Contributor Post Created with Sketch. The Marriage Immigrants

 

shutterstock_784954512When immigrants move to a country of their own free will, they have an obligation to adapt to their adopted country’s values. This doesn’t mean abandoning their old culture entirely or pretending that the new one is beyond reproach, but at the very least it means giving up aspects of it that are incompatible with their new one. After all, if you think your adopted culture is worth immigrating to, you should want to try to keep and cherish it basically as you found it.

As of this Friday, gay people across the nation are now immigrants to marriage culture. Some of them have been here for a while — I personally know gay couples who’ve been legally married five times longer than I — while most are freshly off the ship. Like all voluntary immigrant populations, they have a positive duty: to assimilate to the culture they chose to adopt and to do so with enthusiasm.

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Promoted from the Ricochet Member Feed by Editors Created with Sketch. Silver Lining to the Rainbow Victory?

 

Illinoisreview.typepad.comPointing out that the Supreme Court found the right to gay marriage in Section 1 of the 14th Amendment, Bob Owens of Baring Arms seems to have found a silver lining in last Friday’s Obergefell decision. The Court wrote:

“The fundamental liberties protected by the Fourteenth Amendment’s Due Process Clause extend to certain personal choices central to individual dignity and autonomy, including intimate choices defining personal identity and beliefs…Courts must exercise reasoned judgment in identifying interests of the person so fundamental that the State must accord them its respect. History and tradition guide and discipline the inquiry but do not set its outer boundaries. When new insight reveals discord between the Constitution’s central protections and a received legal stricture, a claim to liberty must be addressed.”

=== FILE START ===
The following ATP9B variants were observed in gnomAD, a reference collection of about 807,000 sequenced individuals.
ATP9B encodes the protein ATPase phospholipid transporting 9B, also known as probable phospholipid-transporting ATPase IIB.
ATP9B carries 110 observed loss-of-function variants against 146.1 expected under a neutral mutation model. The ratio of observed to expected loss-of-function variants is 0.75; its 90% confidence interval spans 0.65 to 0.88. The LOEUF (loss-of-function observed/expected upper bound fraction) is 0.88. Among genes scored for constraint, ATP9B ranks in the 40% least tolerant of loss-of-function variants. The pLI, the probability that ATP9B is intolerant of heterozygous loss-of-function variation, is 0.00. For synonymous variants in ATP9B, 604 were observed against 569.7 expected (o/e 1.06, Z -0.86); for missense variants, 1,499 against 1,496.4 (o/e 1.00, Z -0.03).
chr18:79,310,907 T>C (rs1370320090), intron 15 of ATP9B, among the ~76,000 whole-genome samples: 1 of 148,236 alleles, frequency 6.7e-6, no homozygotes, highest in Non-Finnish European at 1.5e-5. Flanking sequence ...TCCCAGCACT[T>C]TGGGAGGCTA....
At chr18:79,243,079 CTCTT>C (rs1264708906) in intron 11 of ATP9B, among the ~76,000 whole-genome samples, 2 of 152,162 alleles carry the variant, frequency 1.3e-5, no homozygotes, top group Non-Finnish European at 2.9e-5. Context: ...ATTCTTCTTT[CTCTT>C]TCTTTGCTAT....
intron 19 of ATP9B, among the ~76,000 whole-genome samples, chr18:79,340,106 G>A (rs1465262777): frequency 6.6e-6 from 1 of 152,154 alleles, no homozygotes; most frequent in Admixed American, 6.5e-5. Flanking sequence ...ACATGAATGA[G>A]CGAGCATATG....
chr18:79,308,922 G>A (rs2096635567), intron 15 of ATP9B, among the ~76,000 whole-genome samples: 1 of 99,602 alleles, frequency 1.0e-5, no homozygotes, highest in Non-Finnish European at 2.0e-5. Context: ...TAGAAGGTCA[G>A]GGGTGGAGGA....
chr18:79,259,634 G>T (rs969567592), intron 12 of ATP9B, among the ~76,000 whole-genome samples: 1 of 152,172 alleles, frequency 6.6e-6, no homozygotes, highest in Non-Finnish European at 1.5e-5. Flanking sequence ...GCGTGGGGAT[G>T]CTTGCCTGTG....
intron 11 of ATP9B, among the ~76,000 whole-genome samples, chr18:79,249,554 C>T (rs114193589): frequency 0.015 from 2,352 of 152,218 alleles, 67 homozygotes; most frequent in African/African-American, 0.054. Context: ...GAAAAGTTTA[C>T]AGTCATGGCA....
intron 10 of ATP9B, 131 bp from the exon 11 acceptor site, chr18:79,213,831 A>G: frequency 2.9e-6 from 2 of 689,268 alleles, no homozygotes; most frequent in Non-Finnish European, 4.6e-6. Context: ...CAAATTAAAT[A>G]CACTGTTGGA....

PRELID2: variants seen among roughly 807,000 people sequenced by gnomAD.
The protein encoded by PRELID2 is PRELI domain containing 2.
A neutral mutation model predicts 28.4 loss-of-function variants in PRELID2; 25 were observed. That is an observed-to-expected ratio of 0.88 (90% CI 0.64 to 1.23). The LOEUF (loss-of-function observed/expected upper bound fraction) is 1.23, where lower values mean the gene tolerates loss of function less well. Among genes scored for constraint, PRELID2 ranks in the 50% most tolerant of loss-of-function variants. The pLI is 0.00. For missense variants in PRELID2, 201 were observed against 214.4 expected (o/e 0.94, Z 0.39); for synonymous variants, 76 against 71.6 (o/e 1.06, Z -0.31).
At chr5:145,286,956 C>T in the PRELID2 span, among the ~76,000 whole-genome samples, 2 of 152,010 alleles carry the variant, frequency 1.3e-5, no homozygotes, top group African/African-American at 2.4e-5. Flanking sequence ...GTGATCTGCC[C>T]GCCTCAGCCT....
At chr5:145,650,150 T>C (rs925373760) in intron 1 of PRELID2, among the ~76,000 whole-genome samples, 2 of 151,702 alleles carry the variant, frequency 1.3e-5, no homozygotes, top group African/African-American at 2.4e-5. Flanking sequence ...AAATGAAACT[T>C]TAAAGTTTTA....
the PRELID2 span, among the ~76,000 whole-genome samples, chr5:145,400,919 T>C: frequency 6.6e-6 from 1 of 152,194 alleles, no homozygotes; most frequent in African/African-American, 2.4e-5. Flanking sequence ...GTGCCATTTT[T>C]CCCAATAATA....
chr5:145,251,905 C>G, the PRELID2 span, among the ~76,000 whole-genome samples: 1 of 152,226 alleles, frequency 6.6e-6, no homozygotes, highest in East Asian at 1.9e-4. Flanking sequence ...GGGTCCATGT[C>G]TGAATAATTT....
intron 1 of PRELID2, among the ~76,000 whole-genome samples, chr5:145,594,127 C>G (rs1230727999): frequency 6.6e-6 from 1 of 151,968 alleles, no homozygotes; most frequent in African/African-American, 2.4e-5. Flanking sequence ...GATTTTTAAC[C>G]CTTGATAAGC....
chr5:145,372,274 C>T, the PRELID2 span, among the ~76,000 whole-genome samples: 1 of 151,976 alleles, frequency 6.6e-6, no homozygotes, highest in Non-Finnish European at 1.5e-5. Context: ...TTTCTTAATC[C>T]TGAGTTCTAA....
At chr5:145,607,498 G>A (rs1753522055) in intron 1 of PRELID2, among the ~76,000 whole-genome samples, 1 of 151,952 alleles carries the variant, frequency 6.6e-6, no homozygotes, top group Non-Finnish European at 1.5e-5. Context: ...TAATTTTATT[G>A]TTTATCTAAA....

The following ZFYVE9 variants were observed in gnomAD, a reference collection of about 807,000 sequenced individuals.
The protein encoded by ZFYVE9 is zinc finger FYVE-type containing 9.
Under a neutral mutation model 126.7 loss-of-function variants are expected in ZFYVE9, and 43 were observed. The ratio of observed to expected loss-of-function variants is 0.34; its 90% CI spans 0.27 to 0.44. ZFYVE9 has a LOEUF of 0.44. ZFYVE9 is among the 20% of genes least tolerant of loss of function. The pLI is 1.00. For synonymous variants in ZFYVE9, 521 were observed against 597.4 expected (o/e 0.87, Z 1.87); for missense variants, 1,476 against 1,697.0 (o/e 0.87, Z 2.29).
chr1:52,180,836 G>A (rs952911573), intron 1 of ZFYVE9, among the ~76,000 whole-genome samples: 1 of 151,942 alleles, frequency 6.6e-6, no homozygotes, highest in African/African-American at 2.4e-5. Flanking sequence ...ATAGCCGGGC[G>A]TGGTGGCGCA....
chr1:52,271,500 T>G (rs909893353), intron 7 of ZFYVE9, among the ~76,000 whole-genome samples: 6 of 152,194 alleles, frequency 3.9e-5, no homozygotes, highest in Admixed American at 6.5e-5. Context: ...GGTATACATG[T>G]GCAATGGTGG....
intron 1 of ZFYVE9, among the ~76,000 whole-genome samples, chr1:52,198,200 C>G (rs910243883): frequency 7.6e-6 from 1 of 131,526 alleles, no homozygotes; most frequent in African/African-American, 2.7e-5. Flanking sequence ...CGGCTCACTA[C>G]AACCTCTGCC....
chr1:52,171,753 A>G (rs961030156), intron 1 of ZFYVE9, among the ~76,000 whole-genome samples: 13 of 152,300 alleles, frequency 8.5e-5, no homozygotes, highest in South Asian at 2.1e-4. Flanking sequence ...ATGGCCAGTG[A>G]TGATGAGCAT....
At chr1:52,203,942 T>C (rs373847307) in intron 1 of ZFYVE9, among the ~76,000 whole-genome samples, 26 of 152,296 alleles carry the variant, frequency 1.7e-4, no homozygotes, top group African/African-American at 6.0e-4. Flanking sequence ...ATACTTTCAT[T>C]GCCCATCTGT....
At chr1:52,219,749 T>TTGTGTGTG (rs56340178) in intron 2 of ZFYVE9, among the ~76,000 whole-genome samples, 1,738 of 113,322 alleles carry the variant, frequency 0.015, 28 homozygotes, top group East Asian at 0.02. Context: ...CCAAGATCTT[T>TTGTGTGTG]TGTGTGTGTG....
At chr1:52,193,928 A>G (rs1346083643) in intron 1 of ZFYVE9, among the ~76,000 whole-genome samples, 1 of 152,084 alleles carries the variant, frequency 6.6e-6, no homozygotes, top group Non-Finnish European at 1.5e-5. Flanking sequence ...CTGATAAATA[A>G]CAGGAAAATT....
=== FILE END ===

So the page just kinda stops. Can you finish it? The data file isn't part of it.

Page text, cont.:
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Contributor Post Created with Sketch. Is Polygamy Next?

 

shutterstock_124665844-2John Roberts seems to think so. From his dissent in Obergefell:

Although the majority randomly inserts the adjective “two” in various places, it offers no reason at all why the two-person element of the core definition of marriage may be preserved while the man-woman element may not. Indeed, from the standpoint of history and tradition, a leap from opposite-sex marriage to same-sex marriage is much greater than one from a two-person union to plural unions, which have deep roots in some cultures around the world. If the majority is willing to take the big leap, it is hard to see how it can say no to the shorter one.

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Contributor Post Created with Sketch. The Court’s Assault on Democracy and States’ Rights

 

One of the ironies of the Supreme Court’s decision in Obergefell v. Hodges is that it is being touted as a victory for civil rights. Surely it’s an unusual civil rights victory that disenfranchises the people of all 50 states on a critical issue. After a mere decade of political debate on the topic of same-sex marriage, the voters have been told that our opinions are no longer needed. Justice Kennedy will tell us what we think.

The violence to democracy is bad enough, but it is greatly compounded by the damage to American federalism. The federal government has no constitutional authority to regulate marriage, nor does it have a roving license to promote “dignity” or “autonomy” or any of the other vacuous phrases contained in Kennedy’s majority opinion. If the Constitution granted anything like that kind of authority to the central government, the document would never have been ratified. In Federalist No. 45, James Madison assured readers that, under the proposed Constitution, the states would remain sovereign over “all the objects which, in the ordinary course of affairs, concern the lives, liberties, and properties of the people” (emphasis added).

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Contributor Post Created with Sketch. SCOTUS and the Age of the Imperial Judiciary

 

In the Philadelphia Inquirer, my hometown paper, I critique the Supreme Court’s decisions on gay marriage and Obamacare. As a policy matter, I supported gay marriage, but the Constitution reserves the question for the voters of each state, not the judicial process. The weakness of the Court’s reasoning — is it Due Process? Is it Equal Protection? — suggests the decision’s political nature. Many may celebrate the result, but they should not welcome the steady erosion of democratic self-government.